### SLA_PLANTE

$\left[\phantom{\rule{0.3em}{0ex}}\alpha ,\delta \phantom{\rule{0.3em}{0ex}}\right]$ of Planet from Elements

ACTION:
Topocentric apparent $\left[\phantom{\rule{0.3em}{0ex}}\alpha ,\delta \phantom{\rule{0.3em}{0ex}}\right]$ of a Solar-System object whose heliocentric orbital elements are known.
CALL:
CALL sla_PLANTE (DATE, ELONG, PHI, JFORM, EPOCH, ORBINC, ANODE, PERIH, AORQ, E, AORL, DM, RA, DEC, R, JSTAT) 
##### GIVEN:
 DATE D TT MJD of observation (JD$-$2400000.5, Notes 1,5) ELONG,PHI D observer’s longitude (east +ve) and latitude (radians, Note 2) JFORM I choice of element set (1-3, Notes 3-6) EPOCH D epoch of elements (${t}_{0}$ or $T$, TT MJD, Note 5) ORBINC D inclination ($i$, radians) ANODE D longitude of the ascending node ($\Omega$, radians) PERIH D longitude or argument of perihelion ($\varpi$ or $\omega$, radians) AORQ D mean distance or perihelion distance ($a$ or $q$, AU) E D eccentricity ($e$) AORL D mean anomaly or longitude ($M$ or $L$, radians, JFORM=1,2 only) DM D daily motion ($n$, radians, JFORM=1 only)

##### RETURNED:
 RA,DEC D topocentric apparent $\left[\phantom{\rule{0.3em}{0ex}}\alpha ,\delta \phantom{\rule{0.3em}{0ex}}\right]$ (radians) R D distance from observer (AU) JSTAT I status: 0 = OK $-$1 = illegal JFORM $-$2 = illegal E $-$3 = illegal AORQ $-$4 = illegal DM $-$5 = numerical error

NOTES:
(1)
DATE is the instant for which the prediction is required. It is in the TT time scale (formerly Ephemeris Time, ET) and is a Modified Julian Date (JD$-$2400000.5).
(2)
The longitude and latitude allow correction for geocentric parallax. This is usually a small effect, but can become important for near-Earth asteroids. Geocentric positions can be generated by appropriate use of the routines sla_EVP (or sla_EPV) and sla_PLANEL.
(3)
The elements are with respect to the J2000 ecliptic and equinox.
(4)
A choice of three different element-format options is available, as follows.

JFORM=1, suitable for the major planets:

 EPOCH = epoch of elements ${t}_{0}$ (TT MJD) ORBINC = inclination $i$ (radians) ANODE = longitude of the ascending node $\Omega$ (radians) PERIH = longitude of perihelion $\varpi$ (radians) AORQ = mean distance $a$ (AU) E = eccentricity $e$ AORL = mean longitude $L$ (radians) DM = daily motion $n$ (radians)

JFORM=2, suitable for minor planets:

 EPOCH = epoch of elements ${t}_{0}$ (TT MJD) ORBINC = inclination $i$ (radians) ANODE = longitude of the ascending node $\Omega$ (radians) PERIH = argument of perihelion $\omega$ (radians) AORQ = mean distance $a$ (AU) E = eccentricity $e$ AORL = mean anomaly $M$ (radians)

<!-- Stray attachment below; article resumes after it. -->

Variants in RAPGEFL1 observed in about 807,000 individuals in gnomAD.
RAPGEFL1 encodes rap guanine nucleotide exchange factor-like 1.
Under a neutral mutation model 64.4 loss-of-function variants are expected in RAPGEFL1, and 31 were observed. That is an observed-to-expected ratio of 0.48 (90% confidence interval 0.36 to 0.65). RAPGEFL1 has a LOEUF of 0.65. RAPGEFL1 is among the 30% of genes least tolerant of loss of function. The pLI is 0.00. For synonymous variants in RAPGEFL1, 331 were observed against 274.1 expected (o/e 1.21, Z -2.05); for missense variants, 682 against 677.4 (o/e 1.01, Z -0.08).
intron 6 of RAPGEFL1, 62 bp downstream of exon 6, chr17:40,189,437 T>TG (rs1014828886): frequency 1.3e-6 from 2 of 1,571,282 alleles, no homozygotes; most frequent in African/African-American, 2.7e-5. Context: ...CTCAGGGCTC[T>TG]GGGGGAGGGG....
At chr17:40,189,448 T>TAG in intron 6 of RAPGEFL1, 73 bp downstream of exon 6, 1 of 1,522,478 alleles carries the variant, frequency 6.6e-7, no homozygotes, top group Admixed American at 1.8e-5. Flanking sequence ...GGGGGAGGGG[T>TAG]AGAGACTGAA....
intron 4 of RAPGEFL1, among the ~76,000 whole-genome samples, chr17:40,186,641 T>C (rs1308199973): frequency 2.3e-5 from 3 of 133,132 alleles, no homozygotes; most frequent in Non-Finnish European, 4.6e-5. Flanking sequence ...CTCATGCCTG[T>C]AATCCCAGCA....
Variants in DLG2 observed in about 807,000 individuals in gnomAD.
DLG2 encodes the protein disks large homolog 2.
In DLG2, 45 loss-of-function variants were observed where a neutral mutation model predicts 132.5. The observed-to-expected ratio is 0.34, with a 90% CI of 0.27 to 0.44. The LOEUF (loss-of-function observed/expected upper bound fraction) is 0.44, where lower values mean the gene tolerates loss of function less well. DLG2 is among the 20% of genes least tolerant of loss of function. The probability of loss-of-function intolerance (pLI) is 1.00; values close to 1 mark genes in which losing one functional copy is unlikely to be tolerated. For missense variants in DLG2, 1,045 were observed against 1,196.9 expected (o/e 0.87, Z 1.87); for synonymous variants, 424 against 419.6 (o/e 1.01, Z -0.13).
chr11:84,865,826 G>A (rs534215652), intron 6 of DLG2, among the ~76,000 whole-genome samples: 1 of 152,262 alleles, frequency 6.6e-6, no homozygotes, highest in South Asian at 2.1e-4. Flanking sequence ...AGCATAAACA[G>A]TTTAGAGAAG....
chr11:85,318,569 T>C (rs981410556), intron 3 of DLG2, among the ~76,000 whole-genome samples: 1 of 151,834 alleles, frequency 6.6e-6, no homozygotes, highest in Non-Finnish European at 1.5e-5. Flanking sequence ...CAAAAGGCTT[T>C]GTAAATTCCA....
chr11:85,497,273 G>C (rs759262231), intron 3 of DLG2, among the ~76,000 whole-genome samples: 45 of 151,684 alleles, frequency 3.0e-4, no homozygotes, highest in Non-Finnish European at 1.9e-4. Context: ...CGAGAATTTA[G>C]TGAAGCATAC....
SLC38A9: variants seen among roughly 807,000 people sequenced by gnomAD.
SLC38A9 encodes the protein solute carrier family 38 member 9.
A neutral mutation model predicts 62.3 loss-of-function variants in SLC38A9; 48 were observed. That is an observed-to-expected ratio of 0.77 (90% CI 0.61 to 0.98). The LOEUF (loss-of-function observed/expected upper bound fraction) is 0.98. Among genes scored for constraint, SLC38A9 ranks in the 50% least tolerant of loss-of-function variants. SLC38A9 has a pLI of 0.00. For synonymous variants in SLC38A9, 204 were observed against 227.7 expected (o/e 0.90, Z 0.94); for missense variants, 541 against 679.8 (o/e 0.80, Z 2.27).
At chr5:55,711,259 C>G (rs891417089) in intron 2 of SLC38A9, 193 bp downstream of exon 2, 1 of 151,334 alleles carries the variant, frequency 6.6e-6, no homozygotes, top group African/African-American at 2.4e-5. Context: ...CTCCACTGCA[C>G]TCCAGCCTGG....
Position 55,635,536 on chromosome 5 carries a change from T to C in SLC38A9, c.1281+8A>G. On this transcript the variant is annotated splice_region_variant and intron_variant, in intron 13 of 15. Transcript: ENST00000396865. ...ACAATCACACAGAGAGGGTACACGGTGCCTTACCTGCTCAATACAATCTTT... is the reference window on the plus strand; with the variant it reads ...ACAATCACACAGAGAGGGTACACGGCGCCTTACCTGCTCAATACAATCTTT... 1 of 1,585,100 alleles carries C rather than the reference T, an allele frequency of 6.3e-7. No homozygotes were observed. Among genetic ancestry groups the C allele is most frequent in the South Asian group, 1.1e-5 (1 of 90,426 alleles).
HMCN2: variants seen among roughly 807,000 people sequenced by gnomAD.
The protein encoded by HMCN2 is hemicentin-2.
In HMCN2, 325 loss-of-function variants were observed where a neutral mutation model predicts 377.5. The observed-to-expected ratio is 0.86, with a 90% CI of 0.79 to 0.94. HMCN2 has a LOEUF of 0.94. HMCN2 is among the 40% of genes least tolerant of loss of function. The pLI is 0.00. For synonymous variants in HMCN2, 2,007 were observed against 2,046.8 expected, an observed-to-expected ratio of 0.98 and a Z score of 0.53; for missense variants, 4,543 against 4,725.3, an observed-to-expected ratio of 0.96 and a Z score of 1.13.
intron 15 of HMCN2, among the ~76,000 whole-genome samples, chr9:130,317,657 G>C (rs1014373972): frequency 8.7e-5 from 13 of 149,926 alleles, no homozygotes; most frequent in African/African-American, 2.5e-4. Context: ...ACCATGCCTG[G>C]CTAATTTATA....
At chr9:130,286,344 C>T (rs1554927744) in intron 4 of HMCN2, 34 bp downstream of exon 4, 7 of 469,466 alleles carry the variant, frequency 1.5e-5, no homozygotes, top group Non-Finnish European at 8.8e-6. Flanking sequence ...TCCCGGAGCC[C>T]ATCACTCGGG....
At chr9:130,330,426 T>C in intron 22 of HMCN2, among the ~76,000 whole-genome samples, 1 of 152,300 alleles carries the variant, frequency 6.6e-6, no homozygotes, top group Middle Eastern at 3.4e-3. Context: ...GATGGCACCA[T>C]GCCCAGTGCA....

JFORM=3, suitable for comets:

 EPOCH = epoch of perihelion $T$ (TT MJD) ORBINC = inclination $i$ (radians) ANODE = longitude of the ascending node $\Omega$ (radians) PERIH = argument of perihelion $\omega$ (radians) AORQ = perihelion distance $q$ (AU) E = eccentricity $e$

Unused elements (DM for JFORM=2, AORL and DM for JFORM=3) are not accessed.

(5)
Each of the three element sets defines an unperturbed heliocentric orbit. For a given epoch of observation, the position of the body in its orbit can be predicted from these elements, which are called osculating elements, using standard two-body analytical solutions. However, due to planetary perturbations, a given set of osculating elements remains usable for only as long as the unperturbed orbit that it describes is an adequate approximation to reality. Attached to such a set of elements is a date called the osculating epoch, at which the elements are, momentarily, a perfect representation of the instantaneous position and velocity of the body.

Therefore, for any given problem there are up to three different epochs in play, and it is vital to distinguish clearly between them:

• The epoch of observation: the moment in time for which the position of the body is to be predicted.
• The epoch defining the position of the body: the moment in time at which, in the absence of purturbations, the specified position—mean longitude, mean anomaly, or perihelion—is reached.
• The osculating epoch: the moment in time at which the given elements are correct.

For the major-planet and minor-planet cases it is usual to make the epoch that defines the position of the body the same as the epoch of osculation. Thus, only two different epochs are involved: the epoch of the elements and the epoch of observation. For comets, the epoch of perihelion fixes the position in the orbit and in general a different epoch of osculation will be chosen. Thus, all three types of epoch are involved.

For the present routine:

• The epoch of observation is the argument DATE.
• The epoch defining the position of the body is the argument EPOCH.
• The osculating epoch is not used and is assumed to be close enough to the epoch of observation to deliver adequate accuracy. If not, a preliminary call to sla_PERTEL may be used to update the element-set (and its associated osculating epoch) by applying planetary perturbations.
(6)
Two important sources for orbital elements are Horizons, operated by the Jet Propulsion Laboratory, Pasadena, and the Minor Planet Center, operated by the Center for Astrophysics, Harvard. For further details, see Section 4.17.